The Dangers of Rising Sea Levels


Adriana Leiss, Journalist

Since the industrial revelation, the emission of carbon dioxide and greenhouse gases has caused a dramatic rise in global temperatures. Because of this the glaciers and ice sheets located around the world have started melting. Due to them melting the sea levels will continue to rise. 

Since the early 1900s, many glaciers around the world have been rapidly melting. Human activities are at the root of this phenomenon. Specifically, since the industrial revolution, carbon dioxide and other greenhouse gas emissions have raised temperatures, even higher in the poles, and as a result, glaciers are rapidly melting, calving off into the sea and retreating on land. In a study done in 2020 it showed that the global average sea level was 91.3 millimeters which is 3.6 inches above the 1993 average. This is the highest annual average recorded in history.  

The average rate of water levels in the ocean has risen by 0.14 inches per year since 2006. This is 2.5 times the average. Scientists are saying that by the end of the century the global average is supposed to rise at least one foot, even if we cut down on greenhouse gases and carbon emissions.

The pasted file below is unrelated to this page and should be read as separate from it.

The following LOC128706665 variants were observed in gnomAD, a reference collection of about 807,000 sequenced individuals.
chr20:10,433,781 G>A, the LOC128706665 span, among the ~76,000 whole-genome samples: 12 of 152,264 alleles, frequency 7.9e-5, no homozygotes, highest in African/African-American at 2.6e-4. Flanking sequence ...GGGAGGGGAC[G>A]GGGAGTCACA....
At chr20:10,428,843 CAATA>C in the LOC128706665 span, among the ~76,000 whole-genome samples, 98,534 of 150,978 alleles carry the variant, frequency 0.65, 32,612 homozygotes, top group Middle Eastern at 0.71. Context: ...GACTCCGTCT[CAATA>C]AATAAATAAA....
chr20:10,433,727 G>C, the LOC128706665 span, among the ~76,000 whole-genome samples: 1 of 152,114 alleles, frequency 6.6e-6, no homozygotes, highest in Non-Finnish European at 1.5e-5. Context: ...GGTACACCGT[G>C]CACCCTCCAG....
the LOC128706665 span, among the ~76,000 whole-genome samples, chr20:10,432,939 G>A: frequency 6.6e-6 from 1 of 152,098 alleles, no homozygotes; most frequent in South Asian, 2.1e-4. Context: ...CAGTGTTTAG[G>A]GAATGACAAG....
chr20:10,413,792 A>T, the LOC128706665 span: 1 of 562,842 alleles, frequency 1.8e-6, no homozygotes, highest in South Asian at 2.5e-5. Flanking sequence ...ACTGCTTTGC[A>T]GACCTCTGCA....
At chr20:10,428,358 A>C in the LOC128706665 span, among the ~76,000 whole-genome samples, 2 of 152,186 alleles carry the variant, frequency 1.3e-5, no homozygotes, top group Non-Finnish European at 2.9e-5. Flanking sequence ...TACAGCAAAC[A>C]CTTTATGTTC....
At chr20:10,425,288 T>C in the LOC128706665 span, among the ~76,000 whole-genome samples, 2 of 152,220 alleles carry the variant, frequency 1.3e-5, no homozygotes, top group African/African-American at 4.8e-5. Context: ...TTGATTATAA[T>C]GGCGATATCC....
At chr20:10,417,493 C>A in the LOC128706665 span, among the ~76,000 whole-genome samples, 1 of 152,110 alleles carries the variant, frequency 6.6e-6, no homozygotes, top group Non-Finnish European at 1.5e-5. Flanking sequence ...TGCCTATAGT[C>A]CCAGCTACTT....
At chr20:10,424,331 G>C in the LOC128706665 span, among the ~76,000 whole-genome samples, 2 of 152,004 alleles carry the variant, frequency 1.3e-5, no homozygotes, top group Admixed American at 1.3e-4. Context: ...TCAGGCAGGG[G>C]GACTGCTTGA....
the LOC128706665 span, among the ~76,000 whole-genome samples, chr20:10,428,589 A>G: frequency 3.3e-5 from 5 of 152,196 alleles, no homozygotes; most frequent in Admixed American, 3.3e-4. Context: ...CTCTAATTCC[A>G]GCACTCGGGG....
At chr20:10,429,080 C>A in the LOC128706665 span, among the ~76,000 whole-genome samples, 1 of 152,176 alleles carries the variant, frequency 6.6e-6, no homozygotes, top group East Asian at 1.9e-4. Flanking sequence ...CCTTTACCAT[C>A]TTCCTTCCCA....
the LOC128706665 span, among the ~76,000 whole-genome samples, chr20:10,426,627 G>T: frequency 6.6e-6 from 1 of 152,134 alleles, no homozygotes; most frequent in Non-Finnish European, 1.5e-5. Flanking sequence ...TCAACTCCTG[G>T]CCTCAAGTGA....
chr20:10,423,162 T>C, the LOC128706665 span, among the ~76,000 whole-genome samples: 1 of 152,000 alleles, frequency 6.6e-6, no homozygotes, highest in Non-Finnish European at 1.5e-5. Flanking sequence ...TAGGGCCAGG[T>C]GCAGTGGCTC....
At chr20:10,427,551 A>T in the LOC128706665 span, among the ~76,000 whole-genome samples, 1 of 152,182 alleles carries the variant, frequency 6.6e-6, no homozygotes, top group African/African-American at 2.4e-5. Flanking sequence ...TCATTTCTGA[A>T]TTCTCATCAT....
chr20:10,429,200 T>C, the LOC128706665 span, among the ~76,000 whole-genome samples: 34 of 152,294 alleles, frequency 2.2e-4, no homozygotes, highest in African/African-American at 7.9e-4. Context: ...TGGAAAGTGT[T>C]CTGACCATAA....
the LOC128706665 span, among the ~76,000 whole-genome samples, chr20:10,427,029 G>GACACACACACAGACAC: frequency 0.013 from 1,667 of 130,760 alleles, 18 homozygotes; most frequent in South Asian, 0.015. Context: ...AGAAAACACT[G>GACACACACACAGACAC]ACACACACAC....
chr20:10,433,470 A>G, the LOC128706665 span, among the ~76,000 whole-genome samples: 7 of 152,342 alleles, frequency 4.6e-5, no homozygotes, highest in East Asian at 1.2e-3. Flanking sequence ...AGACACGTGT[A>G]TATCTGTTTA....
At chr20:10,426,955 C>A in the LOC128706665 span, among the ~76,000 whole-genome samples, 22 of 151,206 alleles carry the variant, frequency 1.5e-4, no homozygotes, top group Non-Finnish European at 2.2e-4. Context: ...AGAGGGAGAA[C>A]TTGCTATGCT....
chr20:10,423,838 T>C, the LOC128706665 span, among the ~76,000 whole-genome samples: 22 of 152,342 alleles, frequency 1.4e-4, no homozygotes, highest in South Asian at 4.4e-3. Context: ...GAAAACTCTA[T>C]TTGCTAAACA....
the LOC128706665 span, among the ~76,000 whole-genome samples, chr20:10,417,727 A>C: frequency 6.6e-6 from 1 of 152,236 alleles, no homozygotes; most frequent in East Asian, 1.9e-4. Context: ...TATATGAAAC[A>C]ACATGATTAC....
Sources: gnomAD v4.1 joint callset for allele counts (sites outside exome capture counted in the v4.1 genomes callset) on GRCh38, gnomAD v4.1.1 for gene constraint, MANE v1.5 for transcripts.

In certain places the sea levels have already risen 8 inches. This is due to many reasons like erosion, regional ocean currents, and ground settling. The United States is severely affected by this because the Gulf of Mexico is one of the quickest rising ocean levels and most of the population lives on coastal regions of the country.  

The rising ocean levels threaten the security of buildings, roads, and bridges. Those are just some of the things that are affected the list is nearly endless. The higher water temperatures are also causing a huge surge of storms that some are calling “superstorm” and more frequent flood warnings. These storms and floods can be extremely dangerous and sometimes deadly.